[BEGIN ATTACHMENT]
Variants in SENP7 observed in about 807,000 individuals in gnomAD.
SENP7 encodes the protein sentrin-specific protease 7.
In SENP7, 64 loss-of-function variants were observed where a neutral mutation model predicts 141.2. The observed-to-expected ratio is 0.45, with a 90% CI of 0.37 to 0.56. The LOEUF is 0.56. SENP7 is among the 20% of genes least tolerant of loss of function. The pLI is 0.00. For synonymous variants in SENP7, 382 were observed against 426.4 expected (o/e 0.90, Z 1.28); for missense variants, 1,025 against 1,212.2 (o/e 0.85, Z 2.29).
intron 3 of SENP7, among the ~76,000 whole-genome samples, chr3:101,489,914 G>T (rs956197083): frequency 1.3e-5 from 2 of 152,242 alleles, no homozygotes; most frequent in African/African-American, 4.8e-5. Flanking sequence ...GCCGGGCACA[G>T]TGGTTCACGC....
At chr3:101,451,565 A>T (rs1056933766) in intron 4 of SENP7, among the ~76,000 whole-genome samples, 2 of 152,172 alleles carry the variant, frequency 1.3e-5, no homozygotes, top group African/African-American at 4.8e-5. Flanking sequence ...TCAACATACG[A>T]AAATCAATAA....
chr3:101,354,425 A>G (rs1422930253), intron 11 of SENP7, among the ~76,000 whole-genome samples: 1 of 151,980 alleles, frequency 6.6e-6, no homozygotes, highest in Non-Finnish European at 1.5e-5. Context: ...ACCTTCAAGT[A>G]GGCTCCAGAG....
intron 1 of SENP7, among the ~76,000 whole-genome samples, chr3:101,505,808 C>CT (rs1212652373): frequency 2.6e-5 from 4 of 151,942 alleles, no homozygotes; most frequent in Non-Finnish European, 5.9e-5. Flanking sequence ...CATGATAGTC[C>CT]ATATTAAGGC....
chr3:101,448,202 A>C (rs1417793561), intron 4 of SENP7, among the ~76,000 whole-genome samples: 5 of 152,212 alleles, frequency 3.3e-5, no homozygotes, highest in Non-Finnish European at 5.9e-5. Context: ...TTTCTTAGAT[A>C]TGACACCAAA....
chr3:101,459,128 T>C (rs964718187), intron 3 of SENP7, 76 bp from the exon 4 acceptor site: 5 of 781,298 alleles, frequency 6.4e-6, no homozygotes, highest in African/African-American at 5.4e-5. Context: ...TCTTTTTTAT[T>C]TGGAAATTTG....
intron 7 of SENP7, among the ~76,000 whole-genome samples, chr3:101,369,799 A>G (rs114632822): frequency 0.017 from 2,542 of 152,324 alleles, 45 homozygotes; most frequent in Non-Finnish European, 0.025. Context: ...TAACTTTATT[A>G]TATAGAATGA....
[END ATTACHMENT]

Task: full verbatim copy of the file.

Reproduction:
Variants in SENP7 observed in about 807,000 individuals in gnomAD.
SENP7 encodes the protein sentrin-specific protease 7.
In SENP7, 64 loss-of-function variants were observed where a neutral mutation model predicts 141.2. The observed-to-expected ratio is 0.45, with a 90% CI of 0.37 to 0.56. The LOEUF is 0.56. SENP7 is among the 20% of genes least tolerant of loss of function. The pLI is 0.00. For synonymous variants in SENP7, 382 were observed against 426.4 expected (o/e 0.90, Z 1.28); for missense variants, 1,025 against 1,212.2 (o/e 0.85, Z 2.29).
intron 3 of SENP7, among the ~76,000 whole-genome samples, chr3:101,489,914 G>T (rs956197083): frequency 1.3e-5 from 2 of 152,242 alleles, no homozygotes; most frequent in African/African-American, 4.8e-5. Flanking sequence ...GCCGGGCACA[G>T]TGGTTCACGC....
At chr3:101,451,565 A>T (rs1056933766) in intron 4 of SENP7, among the ~76,000 whole-genome samples, 2 of 152,172 alleles carry the variant, frequency 1.3e-5, no homozygotes, top group African/African-American at 4.8e-5. Flanking sequence ...TCAACATACG[A>T]AAATCAATAA....
chr3:101,354,425 A>G (rs1422930253), intron 11 of SENP7, among the ~76,000 whole-genome samples: 1 of 151,980 alleles, frequency 6.6e-6, no homozygotes, highest in Non-Finnish European at 1.5e-5. Context: ...ACCTTCAAGT[A>G]GGCTCCAGAG....
intron 1 of SENP7, among the ~76,000 whole-genome samples, chr3:101,505,808 C>CT (rs1212652373): frequency 2.6e-5 from 4 of 151,942 alleles, no homozygotes; most frequent in Non-Finnish European, 5.9e-5. Flanking sequence ...CATGATAGTC[C>CT]ATATTAAGGC....
chr3:101,448,202 A>C (rs1417793561), intron 4 of SENP7, among the ~76,000 whole-genome samples: 5 of 152,212 alleles, frequency 3.3e-5, no homozygotes, highest in Non-Finnish European at 5.9e-5. Context: ...TTTCTTAGAT[A>C]TGACACCAAA....
chr3:101,459,128 T>C (rs964718187), intron 3 of SENP7, 76 bp from the exon 4 acceptor site: 5 of 781,298 alleles, frequency 6.4e-6, no homozygotes, highest in African/African-American at 5.4e-5. Context: ...TCTTTTTTAT[T>C]TGGAAATTTG....
intron 7 of SENP7, among the ~76,000 whole-genome samples, chr3:101,369,799 A>G (rs114632822): frequency 0.017 from 2,542 of 152,324 alleles, 45 homozygotes; most frequent in Non-Finnish European, 0.025. Context: ...TAACTTTATT[A>G]TATAGAATGA....